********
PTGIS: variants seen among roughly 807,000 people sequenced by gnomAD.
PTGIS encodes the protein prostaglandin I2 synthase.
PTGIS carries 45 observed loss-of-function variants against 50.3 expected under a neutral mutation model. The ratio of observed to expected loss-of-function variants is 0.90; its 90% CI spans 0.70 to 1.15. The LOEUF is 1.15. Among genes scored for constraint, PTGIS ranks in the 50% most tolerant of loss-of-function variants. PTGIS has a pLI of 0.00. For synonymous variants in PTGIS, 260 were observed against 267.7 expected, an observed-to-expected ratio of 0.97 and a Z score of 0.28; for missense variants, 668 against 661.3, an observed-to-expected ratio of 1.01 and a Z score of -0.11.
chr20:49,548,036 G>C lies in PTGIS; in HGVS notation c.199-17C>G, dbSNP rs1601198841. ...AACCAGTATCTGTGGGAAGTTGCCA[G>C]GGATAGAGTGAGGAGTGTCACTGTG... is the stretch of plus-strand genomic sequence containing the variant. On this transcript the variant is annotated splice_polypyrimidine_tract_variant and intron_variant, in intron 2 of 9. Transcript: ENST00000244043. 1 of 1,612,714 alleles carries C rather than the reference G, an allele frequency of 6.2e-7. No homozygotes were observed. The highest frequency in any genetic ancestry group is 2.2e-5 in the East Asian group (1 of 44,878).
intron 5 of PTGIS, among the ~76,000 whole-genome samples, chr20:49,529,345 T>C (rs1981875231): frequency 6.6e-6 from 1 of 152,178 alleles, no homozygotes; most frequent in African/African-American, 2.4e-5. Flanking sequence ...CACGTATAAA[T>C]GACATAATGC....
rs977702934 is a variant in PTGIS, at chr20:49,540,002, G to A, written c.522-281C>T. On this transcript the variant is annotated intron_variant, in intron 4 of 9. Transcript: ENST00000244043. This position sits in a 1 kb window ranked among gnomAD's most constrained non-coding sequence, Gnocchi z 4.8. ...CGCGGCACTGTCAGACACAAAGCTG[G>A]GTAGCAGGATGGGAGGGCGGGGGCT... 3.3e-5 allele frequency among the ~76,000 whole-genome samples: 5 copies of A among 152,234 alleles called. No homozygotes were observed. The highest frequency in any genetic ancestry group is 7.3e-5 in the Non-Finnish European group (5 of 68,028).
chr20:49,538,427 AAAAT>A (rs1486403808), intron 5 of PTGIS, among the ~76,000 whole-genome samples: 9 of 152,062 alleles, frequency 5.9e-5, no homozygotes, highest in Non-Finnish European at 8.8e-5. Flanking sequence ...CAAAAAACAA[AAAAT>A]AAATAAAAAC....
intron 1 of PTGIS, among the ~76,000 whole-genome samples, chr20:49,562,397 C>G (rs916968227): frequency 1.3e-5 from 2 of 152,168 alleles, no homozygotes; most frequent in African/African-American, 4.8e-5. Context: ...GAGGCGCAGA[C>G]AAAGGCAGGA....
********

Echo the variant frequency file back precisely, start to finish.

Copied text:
PTGIS: variants seen among roughly 807,000 people sequenced by gnomAD.
PTGIS encodes the protein prostaglandin I2 synthase.
PTGIS carries 45 observed loss-of-function variants against 50.3 expected under a neutral mutation model. The ratio of observed to expected loss-of-function variants is 0.90; its 90% CI spans 0.70 to 1.15. The LOEUF is 1.15. Among genes scored for constraint, PTGIS ranks in the 50% most tolerant of loss-of-function variants. PTGIS has a pLI of 0.00. For synonymous variants in PTGIS, 260 were observed against 267.7 expected, an observed-to-expected ratio of 0.97 and a Z score of 0.28; for missense variants, 668 against 661.3, an observed-to-expected ratio of 1.01 and a Z score of -0.11.
chr20:49,548,036 G>C lies in PTGIS; in HGVS notation c.199-17C>G, dbSNP rs1601198841. ...AACCAGTATCTGTGGGAAGTTGCCA[G>C]GGATAGAGTGAGGAGTGTCACTGTG... is the stretch of plus-strand genomic sequence containing the variant. On this transcript the variant is annotated splice_polypyrimidine_tract_variant and intron_variant, in intron 2 of 9. Transcript: ENST00000244043. 1 of 1,612,714 alleles carries C rather than the reference G, an allele frequency of 6.2e-7. No homozygotes were observed. The highest frequency in any genetic ancestry group is 2.2e-5 in the East Asian group (1 of 44,878).
intron 5 of PTGIS, among the ~76,000 whole-genome samples, chr20:49,529,345 T>C (rs1981875231): frequency 6.6e-6 from 1 of 152,178 alleles, no homozygotes; most frequent in African/African-American, 2.4e-5. Flanking sequence ...CACGTATAAA[T>C]GACATAATGC....
rs977702934 is a variant in PTGIS, at chr20:49,540,002, G to A, written c.522-281C>T. On this transcript the variant is annotated intron_variant, in intron 4 of 9. Transcript: ENST00000244043. This position sits in a 1 kb window ranked among gnomAD's most constrained non-coding sequence, Gnocchi z 4.8. ...CGCGGCACTGTCAGACACAAAGCTG[G>A]GTAGCAGGATGGGAGGGCGGGGGCT... 3.3e-5 allele frequency among the ~76,000 whole-genome samples: 5 copies of A among 152,234 alleles called. No homozygotes were observed. The highest frequency in any genetic ancestry group is 7.3e-5 in the Non-Finnish European group (5 of 68,028).
chr20:49,538,427 AAAAT>A (rs1486403808), intron 5 of PTGIS, among the ~76,000 whole-genome samples: 9 of 152,062 alleles, frequency 5.9e-5, no homozygotes, highest in Non-Finnish European at 8.8e-5. Flanking sequence ...CAAAAAACAA[AAAAT>A]AAATAAAAAC....
intron 1 of PTGIS, among the ~76,000 whole-genome samples, chr20:49,562,397 C>G (rs916968227): frequency 1.3e-5 from 2 of 152,168 alleles, no homozygotes; most frequent in African/African-American, 4.8e-5. Context: ...GAGGCGCAGA[C>G]AAAGGCAGGA....